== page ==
A fuel of the future could help a national chain in Beloit reduce its carbon footprint. Frito-Lay will begin using compressed natural gas in some trucks starting at its facility in Beloit.
At a press conference Wednesday, the company unveiled its first CNG filling station.
Senior Vice President of Productivity and Sustainability Gregg Roden said part of the project was made possible thanks to some state and federal grants.
The CNG station at the Beloit facility is the first CNG station for Frito-Lay, which was partially funded by a $3.2 million state grant awarded to the company, according to a Wisconsin Department of Administration release.
DOA’s State Energy Office helped get State and U.S. Department of Energy approval for the project, which has been three years in the making, according to the release.
According to the release, the state awarded $3.2 million in federal funds to Frito-Lay for the project in 2010 and Frito-Lay invested $4 million of its own funds for the project.
"We're the seventh-largest private fleet in the United States so we believe taking a leadership position like this will help evolve the industry," says Mike O' Connell, senior director of fleet operations for Frito-Lay North America.
At its Beloit facility, Frito-Lay officials unveiled plans to reduce the amount of traditional diesel they use in their fleet by switching to CNG. By the end of 2013, 40 percent of the company's trucks in Beloit will be using natural gas.
"The fuel here is 50 percent cheaper than if you were to buy diesel out on the road and it's a 23 percent reduction in the carbon output from the tailpipe of this vehicle," said O' Connell.
Frito-Lay is planning seven more CNG fueling stations in 2013 and expanding the number of CNG-powered trucks the company uses, according to the release. CNG tractors emit 23 percent less greenhouse gas than diesel, use an abundant, domestic natural gas fuel and can travel 300 to 700 miles per fill-up.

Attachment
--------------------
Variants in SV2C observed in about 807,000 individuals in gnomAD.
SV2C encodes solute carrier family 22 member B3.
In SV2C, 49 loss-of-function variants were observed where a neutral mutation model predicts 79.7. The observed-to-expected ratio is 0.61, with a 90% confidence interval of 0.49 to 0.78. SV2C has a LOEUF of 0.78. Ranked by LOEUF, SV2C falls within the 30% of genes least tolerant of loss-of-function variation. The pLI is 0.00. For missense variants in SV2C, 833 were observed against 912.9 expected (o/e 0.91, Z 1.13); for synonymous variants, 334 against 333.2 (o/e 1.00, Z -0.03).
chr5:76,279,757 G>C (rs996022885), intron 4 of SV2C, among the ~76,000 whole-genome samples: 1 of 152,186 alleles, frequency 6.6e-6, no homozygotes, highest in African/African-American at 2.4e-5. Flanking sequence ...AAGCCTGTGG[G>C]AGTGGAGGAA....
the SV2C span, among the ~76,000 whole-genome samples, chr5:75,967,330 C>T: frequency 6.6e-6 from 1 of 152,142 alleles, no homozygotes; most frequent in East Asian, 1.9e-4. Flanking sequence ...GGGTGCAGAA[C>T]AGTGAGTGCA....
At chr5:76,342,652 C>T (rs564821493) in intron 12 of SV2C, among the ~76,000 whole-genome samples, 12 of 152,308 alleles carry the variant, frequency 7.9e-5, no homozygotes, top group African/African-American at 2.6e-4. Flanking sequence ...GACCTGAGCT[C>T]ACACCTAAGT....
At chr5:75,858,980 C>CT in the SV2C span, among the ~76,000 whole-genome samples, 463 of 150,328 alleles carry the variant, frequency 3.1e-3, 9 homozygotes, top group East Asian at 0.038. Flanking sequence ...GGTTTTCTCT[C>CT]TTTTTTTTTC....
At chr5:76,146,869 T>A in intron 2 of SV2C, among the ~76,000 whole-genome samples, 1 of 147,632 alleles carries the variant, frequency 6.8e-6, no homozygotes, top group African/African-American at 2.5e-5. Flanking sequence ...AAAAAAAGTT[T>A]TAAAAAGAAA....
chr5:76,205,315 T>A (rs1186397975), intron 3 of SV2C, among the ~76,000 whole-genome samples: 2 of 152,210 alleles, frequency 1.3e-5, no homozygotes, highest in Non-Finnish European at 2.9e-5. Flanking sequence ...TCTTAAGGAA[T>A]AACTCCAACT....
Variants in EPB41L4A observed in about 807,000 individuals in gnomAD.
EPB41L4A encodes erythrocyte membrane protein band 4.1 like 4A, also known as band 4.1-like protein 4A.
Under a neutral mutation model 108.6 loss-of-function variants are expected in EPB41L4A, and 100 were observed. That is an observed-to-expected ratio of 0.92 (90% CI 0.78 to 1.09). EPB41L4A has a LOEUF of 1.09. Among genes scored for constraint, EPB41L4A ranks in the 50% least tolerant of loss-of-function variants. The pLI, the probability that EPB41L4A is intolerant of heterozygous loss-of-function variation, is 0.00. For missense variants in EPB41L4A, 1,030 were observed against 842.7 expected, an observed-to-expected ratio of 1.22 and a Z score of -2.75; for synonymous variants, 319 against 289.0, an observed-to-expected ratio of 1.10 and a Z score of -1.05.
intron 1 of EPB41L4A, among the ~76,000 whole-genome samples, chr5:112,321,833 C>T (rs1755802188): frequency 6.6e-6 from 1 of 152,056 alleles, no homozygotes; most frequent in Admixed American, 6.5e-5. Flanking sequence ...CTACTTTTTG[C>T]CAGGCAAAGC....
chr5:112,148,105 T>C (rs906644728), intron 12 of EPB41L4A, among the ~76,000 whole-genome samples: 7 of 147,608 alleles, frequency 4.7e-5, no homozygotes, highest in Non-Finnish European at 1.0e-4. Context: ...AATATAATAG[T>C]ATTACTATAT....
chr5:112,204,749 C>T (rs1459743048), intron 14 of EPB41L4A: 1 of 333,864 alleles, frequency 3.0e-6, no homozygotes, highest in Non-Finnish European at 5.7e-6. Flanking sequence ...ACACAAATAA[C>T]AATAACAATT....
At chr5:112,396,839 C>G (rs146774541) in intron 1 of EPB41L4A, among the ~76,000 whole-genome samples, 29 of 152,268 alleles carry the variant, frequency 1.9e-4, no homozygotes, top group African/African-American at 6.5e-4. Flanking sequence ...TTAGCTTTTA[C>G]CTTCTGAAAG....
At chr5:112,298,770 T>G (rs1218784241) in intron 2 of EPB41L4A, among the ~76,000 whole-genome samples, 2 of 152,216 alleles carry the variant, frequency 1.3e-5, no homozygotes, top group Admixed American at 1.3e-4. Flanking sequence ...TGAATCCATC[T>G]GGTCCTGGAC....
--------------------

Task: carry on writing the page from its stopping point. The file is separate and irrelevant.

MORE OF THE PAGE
When all 208 CNG tractors are in service, Frito-Lay will eliminate 7,863 metric tons of carbon emissions or the equivalent of more than 1,125 cars annually, according to the release.
Drivers at a nearby rest stop support the idea of alternative fuels but question how affordable and accessible it will be to consumers.
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"I'm all for exploration and a new way of looking at things, I just don't favor the government subsidizing so much that we're not really getting anywhere. We're just spinning our wheels then," says Burnell Eckardt, from Kewanne, Ill.
"Cars might be more expensive to get, the availability of this fuel is just as bad. So if it's affordable for everybody it should be great, but if you can't afford it, it doesn't help us," says Robert Fernandez, from Orlando, Fla.
Executives at Frito-Lay said their new filling station is the first step in bringing CNG to more communities.
"While this site is on our Frito-Lay property and is used for our equipment, we're in partnership with several organizations to help build retail fuel sites. We'll go and fuel at those sites and then you can bring your car or truck and also fuel. So it will help build and evolve the industry faster," said O' Connell.
News 3 reached out to a number of auto parts stores in the Janesville area but couldn't find one that sells the conversion kit to transform vehicles into one that uses alternative fuels.
According to a manager at Rock County Honda in Janesville, the dealership is seeing an increase in people wanting to know more about the new Civic that uses CNG. It's also sending a technician to get additional training on how to repair the vehicles.
According to a CNG gas stations finder app, there are two stores near Rock County that have CNG, one in Rockford and one in Monona.